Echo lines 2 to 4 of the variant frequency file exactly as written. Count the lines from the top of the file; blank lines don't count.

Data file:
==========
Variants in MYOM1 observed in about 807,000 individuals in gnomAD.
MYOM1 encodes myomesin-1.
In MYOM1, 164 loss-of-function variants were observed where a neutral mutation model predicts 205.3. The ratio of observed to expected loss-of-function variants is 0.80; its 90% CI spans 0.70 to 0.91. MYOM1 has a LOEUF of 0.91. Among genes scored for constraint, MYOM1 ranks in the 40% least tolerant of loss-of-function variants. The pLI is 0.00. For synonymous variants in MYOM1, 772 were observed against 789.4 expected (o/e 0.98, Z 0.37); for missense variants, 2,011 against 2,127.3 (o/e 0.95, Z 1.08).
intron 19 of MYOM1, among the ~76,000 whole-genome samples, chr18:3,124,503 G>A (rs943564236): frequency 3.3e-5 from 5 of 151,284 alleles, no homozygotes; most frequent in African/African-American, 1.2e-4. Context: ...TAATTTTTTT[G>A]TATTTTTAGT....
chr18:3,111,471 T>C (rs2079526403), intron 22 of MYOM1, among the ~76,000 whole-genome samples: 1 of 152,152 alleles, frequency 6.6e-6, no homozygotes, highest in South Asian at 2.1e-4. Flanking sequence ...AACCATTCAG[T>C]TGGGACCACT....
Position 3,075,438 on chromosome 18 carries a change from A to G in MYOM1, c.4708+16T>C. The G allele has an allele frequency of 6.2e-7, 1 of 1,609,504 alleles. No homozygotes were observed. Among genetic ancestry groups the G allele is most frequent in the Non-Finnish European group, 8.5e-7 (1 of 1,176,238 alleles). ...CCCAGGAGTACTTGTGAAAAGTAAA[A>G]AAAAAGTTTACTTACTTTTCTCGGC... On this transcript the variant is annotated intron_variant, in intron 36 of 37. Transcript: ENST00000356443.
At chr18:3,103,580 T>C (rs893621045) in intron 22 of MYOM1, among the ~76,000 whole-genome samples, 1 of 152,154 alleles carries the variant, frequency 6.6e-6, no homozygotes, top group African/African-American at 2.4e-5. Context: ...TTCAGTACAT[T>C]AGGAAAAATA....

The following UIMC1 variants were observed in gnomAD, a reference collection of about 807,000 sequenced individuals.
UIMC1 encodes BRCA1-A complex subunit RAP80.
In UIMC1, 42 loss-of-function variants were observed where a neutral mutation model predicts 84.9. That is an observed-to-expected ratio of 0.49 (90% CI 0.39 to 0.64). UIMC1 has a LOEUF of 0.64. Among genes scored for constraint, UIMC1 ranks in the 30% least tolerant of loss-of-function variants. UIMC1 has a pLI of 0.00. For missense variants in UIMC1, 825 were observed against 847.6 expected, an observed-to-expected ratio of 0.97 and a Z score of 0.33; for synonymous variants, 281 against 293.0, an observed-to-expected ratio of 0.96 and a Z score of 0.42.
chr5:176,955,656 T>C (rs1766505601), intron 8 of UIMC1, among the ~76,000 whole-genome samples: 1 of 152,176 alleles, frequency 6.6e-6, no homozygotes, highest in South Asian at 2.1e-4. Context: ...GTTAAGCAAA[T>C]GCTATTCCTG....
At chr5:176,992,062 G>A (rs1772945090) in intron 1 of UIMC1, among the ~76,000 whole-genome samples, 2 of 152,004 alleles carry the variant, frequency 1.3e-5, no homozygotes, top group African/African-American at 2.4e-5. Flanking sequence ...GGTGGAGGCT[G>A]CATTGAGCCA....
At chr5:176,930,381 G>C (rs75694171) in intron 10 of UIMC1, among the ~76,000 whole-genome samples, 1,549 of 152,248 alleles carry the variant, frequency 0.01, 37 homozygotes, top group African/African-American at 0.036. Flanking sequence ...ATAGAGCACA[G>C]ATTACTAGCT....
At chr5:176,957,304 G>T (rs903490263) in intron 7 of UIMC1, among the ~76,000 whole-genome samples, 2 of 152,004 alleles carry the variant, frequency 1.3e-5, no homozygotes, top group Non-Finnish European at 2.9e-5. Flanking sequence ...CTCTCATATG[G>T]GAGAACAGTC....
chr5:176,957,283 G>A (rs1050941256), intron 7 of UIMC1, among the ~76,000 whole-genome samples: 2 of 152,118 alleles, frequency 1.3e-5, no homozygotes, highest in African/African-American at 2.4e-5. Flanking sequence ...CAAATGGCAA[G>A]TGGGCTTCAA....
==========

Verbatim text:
MYOM1 encodes myomesin-1.
In MYOM1, 164 loss-of-function variants were observed where a neutral mutation model predicts 205.3. The ratio of observed to expected loss-of-function variants is 0.80; its 90% CI spans 0.70 to 0.91. MYOM1 has a LOEUF of 0.91. Among genes scored for constraint, MYOM1 ranks in the 40% least tolerant of loss-of-function variants. The pLI is 0.00. For synonymous variants in MYOM1, 772 were observed against 789.4 expected (o/e 0.98, Z 0.37); for missense variants, 2,011 against 2,127.3 (o/e 0.95, Z 1.08).
intron 19 of MYOM1, among the ~76,000 whole-genome samples, chr18:3,124,503 G>A (rs943564236): frequency 3.3e-5 from 5 of 151,284 alleles, no homozygotes; most frequent in African/African-American, 1.2e-4. Context: ...TAATTTTTTT[G>A]TATTTTTAGT....